I think about what that week taught me about Japan and myself. During the two years I lived there, I found myself getting increasingly angry whenever I was treated like an outsider, a tourist. Volunteering in rural Japan wasn’t about enjoying the best hot springs, or taking pictures of shrines. This time, when I was on my early morning runs before taking the van down to de-mud Konno-san’s home, I encountered high school students, in their freshly-pressed Prussian-inspired uniforms, just as I had five years ago. This time, instead of shouting “HELLO! HOW ARE YOU!” at me from across crowded streets with no regard to discretion, something I had always considered to be intentionally loud and attention grabbing, those students greeted me in Japanese at a reasonable volume, and delivered the appropriate bow for a youth respecting an elder.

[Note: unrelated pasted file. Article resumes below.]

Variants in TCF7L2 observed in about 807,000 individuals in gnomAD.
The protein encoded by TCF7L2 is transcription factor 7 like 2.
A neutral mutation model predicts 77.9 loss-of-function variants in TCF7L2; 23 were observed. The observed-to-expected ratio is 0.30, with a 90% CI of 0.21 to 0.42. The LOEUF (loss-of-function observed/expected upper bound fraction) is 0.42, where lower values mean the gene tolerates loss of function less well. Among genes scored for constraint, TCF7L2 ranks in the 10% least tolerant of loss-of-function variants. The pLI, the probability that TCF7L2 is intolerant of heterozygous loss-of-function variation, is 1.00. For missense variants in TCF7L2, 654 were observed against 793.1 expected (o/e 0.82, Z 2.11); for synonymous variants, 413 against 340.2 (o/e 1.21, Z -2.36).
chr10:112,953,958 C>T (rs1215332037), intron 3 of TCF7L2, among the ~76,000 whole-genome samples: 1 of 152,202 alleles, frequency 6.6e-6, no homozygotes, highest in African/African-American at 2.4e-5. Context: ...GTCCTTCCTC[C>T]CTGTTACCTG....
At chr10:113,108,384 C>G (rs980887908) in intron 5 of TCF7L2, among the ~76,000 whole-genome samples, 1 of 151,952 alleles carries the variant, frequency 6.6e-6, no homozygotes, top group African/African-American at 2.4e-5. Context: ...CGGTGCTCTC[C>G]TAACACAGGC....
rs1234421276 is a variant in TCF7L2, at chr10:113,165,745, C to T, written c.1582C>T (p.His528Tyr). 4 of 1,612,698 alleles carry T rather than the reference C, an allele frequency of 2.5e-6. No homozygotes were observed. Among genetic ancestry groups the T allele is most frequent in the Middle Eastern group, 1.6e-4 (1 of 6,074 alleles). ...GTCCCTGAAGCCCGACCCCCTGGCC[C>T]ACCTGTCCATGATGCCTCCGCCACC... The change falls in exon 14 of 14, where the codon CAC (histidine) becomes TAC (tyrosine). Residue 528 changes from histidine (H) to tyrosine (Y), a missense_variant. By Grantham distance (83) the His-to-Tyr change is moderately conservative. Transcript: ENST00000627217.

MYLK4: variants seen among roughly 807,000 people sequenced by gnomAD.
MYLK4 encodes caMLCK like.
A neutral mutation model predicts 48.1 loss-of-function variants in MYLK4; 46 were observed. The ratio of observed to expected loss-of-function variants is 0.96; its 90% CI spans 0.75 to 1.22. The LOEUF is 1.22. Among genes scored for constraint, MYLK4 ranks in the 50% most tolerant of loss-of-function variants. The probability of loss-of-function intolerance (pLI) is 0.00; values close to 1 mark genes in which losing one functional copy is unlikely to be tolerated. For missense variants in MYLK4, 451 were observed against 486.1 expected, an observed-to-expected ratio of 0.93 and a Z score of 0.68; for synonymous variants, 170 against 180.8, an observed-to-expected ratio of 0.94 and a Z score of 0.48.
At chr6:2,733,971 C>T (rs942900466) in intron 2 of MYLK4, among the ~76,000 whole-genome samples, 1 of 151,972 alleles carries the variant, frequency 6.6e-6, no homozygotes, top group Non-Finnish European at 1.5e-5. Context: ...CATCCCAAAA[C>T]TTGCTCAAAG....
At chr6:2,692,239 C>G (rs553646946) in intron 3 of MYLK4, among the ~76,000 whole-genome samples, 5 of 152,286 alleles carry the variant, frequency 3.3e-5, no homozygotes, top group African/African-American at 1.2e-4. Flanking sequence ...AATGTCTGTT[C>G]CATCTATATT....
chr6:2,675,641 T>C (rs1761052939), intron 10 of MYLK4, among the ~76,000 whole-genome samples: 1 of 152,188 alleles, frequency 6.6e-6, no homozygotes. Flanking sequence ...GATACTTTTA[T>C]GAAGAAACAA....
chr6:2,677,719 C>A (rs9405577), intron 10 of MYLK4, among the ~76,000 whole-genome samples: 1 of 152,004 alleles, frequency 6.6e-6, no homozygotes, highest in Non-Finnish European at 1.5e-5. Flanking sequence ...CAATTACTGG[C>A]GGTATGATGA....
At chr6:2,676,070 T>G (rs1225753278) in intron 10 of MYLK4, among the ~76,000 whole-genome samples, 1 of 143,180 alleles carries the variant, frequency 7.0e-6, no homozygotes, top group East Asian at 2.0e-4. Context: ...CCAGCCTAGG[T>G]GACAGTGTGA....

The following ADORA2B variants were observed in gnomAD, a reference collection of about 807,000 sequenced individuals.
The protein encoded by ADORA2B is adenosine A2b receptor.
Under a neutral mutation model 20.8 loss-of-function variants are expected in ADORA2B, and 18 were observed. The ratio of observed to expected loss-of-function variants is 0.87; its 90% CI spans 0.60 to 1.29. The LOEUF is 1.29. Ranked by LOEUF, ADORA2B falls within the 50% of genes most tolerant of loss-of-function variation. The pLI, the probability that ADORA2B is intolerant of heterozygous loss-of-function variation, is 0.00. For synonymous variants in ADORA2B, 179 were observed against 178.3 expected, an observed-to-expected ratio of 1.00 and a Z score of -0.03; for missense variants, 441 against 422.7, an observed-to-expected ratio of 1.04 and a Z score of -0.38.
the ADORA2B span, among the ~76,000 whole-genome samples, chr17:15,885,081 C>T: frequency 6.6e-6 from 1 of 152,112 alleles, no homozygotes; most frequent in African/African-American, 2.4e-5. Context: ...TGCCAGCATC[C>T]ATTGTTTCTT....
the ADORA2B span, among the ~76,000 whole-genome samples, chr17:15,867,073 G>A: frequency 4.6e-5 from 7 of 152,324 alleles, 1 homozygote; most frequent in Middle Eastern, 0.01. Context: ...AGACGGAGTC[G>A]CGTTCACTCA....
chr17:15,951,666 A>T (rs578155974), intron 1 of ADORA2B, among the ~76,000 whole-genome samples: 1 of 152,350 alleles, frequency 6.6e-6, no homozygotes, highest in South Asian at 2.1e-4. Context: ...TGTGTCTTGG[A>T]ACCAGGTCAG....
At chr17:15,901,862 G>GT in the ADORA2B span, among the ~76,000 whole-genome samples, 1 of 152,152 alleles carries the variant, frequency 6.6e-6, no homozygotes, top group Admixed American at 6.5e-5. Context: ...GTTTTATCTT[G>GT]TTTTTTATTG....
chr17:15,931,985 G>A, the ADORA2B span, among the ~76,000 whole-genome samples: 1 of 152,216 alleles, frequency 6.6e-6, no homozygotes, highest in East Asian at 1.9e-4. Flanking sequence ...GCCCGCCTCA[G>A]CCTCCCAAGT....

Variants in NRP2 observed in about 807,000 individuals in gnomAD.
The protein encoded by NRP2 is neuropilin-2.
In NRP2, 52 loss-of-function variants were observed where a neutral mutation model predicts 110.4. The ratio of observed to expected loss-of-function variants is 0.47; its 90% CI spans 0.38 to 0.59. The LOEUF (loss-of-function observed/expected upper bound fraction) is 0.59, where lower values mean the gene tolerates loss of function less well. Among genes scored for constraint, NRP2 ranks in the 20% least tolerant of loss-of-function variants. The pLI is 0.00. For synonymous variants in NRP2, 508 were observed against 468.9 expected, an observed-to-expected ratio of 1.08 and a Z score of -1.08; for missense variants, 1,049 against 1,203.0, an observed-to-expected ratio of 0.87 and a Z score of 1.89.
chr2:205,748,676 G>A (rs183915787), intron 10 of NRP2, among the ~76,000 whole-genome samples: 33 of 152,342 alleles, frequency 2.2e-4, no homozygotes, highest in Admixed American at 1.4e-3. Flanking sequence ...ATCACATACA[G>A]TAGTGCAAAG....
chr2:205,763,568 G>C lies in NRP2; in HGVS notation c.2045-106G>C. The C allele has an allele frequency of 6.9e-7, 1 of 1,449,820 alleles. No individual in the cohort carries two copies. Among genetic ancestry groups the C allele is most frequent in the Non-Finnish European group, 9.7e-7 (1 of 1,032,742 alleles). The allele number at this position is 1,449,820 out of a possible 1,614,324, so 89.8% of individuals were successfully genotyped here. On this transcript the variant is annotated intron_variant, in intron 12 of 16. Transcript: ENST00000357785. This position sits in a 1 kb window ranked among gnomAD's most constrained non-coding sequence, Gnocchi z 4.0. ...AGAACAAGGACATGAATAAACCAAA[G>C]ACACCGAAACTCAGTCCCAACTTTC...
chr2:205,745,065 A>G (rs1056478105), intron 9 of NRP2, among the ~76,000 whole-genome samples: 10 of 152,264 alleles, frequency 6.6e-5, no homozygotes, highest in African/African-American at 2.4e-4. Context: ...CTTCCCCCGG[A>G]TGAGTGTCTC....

Even in the aftermath of the second greatest tragedy the country has even known, there was order and stability. It’s one of the reasons I found myself so attracted to staying in Japan indefinitely: despite all our differences, I felt safer and more comfortable in those two years than I ever had in my life.